Amendments Nos. 57 and 70 are already covered by the processes in the legislation, and because of the scenarios that I have described, the amendments would not achieve precisely or even generally what the hon. Member for Bexhill and Battle seeks. I shall back up that point. Clause 4 already requires the Secretary of State to set out his reasons, and if he were to set the 2050 target at a level different from that which was recommended, there would still be transparency, because in those reasons, one would see the scenario with which he had differed from the committee. That is a long-winded way of saying that one would already be able to see the committee’s advice in the Secretary of State’s scenario, were it to differ from the committee’s.
What happens if the committee gives three scenarios and the Minister decides not to take any of them? The Bill does not say that he has to take any. He could take one that was mid-way between two of them. In other words, he could modify the scenario, and there would be no independent evaluation of what happens. Indeed, that is exactly my concern. In those circumstances, lay people—Ministers are usually lay people—would be able to say, “It looks more or less right. I think we can’t quite do that, but if we come in between them, it ought to be okay.” There might be very good reasons why that would not work satisfactorily, and I should be happier if I knew what the committee thought about, let us say, a mid-point between two of its scenarios.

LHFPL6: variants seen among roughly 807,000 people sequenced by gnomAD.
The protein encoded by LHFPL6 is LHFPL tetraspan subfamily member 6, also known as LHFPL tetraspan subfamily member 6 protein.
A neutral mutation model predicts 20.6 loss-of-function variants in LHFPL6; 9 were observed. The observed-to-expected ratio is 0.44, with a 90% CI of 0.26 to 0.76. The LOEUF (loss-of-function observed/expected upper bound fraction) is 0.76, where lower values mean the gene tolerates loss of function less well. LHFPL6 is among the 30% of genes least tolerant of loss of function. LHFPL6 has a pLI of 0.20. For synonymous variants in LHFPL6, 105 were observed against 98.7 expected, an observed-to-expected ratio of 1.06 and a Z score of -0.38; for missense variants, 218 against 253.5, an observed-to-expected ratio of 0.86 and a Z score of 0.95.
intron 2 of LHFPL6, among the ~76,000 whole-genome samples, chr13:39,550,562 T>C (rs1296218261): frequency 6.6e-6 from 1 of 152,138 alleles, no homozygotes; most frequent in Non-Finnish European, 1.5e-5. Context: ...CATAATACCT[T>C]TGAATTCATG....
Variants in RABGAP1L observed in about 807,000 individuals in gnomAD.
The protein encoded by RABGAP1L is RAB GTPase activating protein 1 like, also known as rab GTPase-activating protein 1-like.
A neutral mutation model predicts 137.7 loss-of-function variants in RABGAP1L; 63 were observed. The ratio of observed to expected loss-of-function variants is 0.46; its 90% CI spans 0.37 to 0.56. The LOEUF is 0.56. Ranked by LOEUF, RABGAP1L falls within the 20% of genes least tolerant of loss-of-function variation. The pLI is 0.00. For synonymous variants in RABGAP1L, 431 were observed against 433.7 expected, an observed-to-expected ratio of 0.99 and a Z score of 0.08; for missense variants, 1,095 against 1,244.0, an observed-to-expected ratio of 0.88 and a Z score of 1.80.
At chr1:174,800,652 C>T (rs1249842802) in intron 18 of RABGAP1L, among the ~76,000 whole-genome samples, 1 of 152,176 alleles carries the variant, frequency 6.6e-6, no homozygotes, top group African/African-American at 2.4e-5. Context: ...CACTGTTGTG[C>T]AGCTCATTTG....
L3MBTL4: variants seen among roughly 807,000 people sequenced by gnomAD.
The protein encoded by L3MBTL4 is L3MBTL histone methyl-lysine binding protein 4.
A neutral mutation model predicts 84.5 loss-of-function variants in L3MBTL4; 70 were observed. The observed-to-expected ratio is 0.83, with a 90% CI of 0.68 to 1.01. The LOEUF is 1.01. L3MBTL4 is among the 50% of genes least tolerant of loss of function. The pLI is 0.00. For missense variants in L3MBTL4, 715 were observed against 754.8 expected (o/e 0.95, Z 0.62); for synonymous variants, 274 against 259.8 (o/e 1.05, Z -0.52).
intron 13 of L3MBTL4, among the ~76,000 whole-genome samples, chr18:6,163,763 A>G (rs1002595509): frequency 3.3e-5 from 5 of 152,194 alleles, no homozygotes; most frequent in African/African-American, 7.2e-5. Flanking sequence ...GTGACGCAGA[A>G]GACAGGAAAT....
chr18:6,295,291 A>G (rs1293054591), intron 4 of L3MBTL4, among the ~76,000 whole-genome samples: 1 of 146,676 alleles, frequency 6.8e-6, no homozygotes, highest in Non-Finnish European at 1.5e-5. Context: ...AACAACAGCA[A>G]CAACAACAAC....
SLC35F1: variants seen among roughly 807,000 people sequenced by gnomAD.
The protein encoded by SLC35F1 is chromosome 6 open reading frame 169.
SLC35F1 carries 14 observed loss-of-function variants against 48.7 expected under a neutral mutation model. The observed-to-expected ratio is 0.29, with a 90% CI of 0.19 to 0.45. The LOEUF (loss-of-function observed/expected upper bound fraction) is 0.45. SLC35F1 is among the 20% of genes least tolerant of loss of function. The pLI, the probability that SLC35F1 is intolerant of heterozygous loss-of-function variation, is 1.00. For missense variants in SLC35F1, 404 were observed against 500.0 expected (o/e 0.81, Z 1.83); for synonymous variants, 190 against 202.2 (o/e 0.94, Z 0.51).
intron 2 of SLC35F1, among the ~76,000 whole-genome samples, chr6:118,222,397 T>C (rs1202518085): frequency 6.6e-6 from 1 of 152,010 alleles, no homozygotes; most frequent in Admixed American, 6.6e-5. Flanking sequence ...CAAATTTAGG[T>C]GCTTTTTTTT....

I take the point, but in practice the committee’s publication of its advice and reasons would cover those potential circumstances. It would be like publishing a logarithm book. It would contain all the options. Because the relationship between UK emissions changes at the margin, remembering that we are talking about the cumulative amount of carbon in the air under the curve of the trajectory over that long period, the relationship between UK emissions and the global temperature is less than the margin of error in those scenarios, even on current knowledge.